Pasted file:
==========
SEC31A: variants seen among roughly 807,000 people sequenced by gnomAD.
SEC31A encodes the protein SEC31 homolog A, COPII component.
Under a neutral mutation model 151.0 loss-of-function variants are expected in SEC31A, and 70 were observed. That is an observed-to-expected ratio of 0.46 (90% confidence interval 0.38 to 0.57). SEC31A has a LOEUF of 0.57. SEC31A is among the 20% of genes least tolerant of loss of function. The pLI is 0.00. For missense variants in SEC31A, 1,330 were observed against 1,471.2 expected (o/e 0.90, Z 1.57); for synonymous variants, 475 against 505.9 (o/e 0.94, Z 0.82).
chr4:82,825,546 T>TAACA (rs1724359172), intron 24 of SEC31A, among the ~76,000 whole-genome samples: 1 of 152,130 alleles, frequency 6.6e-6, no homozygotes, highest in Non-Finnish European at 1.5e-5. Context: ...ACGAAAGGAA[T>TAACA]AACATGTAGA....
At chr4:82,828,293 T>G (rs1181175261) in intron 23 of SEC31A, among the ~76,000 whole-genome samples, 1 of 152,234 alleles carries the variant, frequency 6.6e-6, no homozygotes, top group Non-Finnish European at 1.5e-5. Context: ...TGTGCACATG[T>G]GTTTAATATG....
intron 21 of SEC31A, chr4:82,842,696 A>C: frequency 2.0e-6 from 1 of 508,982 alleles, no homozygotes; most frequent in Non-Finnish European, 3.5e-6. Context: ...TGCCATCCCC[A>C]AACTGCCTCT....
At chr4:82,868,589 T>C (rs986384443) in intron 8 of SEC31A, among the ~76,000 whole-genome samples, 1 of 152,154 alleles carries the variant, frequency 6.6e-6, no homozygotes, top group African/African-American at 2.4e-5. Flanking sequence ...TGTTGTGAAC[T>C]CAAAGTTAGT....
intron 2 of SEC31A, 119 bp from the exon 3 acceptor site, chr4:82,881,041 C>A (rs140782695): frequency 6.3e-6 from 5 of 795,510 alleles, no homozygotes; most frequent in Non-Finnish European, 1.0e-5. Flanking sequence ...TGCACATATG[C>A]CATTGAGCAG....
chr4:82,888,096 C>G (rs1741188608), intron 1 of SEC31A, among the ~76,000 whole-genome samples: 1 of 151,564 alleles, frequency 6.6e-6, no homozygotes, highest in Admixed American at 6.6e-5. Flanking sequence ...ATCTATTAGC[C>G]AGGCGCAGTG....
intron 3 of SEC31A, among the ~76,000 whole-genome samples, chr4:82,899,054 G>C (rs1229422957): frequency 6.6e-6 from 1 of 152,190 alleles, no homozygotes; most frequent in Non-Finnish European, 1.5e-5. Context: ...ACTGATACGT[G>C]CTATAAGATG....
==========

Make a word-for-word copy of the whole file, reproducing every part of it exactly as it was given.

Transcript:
SEC31A: variants seen among roughly 807,000 people sequenced by gnomAD.
SEC31A encodes the protein SEC31 homolog A, COPII component.
Under a neutral mutation model 151.0 loss-of-function variants are expected in SEC31A, and 70 were observed. That is an observed-to-expected ratio of 0.46 (90% confidence interval 0.38 to 0.57). SEC31A has a LOEUF of 0.57. SEC31A is among the 20% of genes least tolerant of loss of function. The pLI is 0.00. For missense variants in SEC31A, 1,330 were observed against 1,471.2 expected (o/e 0.90, Z 1.57); for synonymous variants, 475 against 505.9 (o/e 0.94, Z 0.82).
chr4:82,825,546 T>TAACA (rs1724359172), intron 24 of SEC31A, among the ~76,000 whole-genome samples: 1 of 152,130 alleles, frequency 6.6e-6, no homozygotes, highest in Non-Finnish European at 1.5e-5. Context: ...ACGAAAGGAA[T>TAACA]AACATGTAGA....
At chr4:82,828,293 T>G (rs1181175261) in intron 23 of SEC31A, among the ~76,000 whole-genome samples, 1 of 152,234 alleles carries the variant, frequency 6.6e-6, no homozygotes, top group Non-Finnish European at 1.5e-5. Context: ...TGTGCACATG[T>G]GTTTAATATG....
intron 21 of SEC31A, chr4:82,842,696 A>C: frequency 2.0e-6 from 1 of 508,982 alleles, no homozygotes; most frequent in Non-Finnish European, 3.5e-6. Context: ...TGCCATCCCC[A>C]AACTGCCTCT....
At chr4:82,868,589 T>C (rs986384443) in intron 8 of SEC31A, among the ~76,000 whole-genome samples, 1 of 152,154 alleles carries the variant, frequency 6.6e-6, no homozygotes, top group African/African-American at 2.4e-5. Flanking sequence ...TGTTGTGAAC[T>C]CAAAGTTAGT....
intron 2 of SEC31A, 119 bp from the exon 3 acceptor site, chr4:82,881,041 C>A (rs140782695): frequency 6.3e-6 from 5 of 795,510 alleles, no homozygotes; most frequent in Non-Finnish European, 1.0e-5. Flanking sequence ...TGCACATATG[C>A]CATTGAGCAG....
chr4:82,888,096 C>G (rs1741188608), intron 1 of SEC31A, among the ~76,000 whole-genome samples: 1 of 151,564 alleles, frequency 6.6e-6, no homozygotes, highest in Admixed American at 6.6e-5. Flanking sequence ...ATCTATTAGC[C>G]AGGCGCAGTG....
intron 3 of SEC31A, among the ~76,000 whole-genome samples, chr4:82,899,054 G>C (rs1229422957): frequency 6.6e-6 from 1 of 152,190 alleles, no homozygotes; most frequent in Non-Finnish European, 1.5e-5. Context: ...ACTGATACGT[G>C]CTATAAGATG....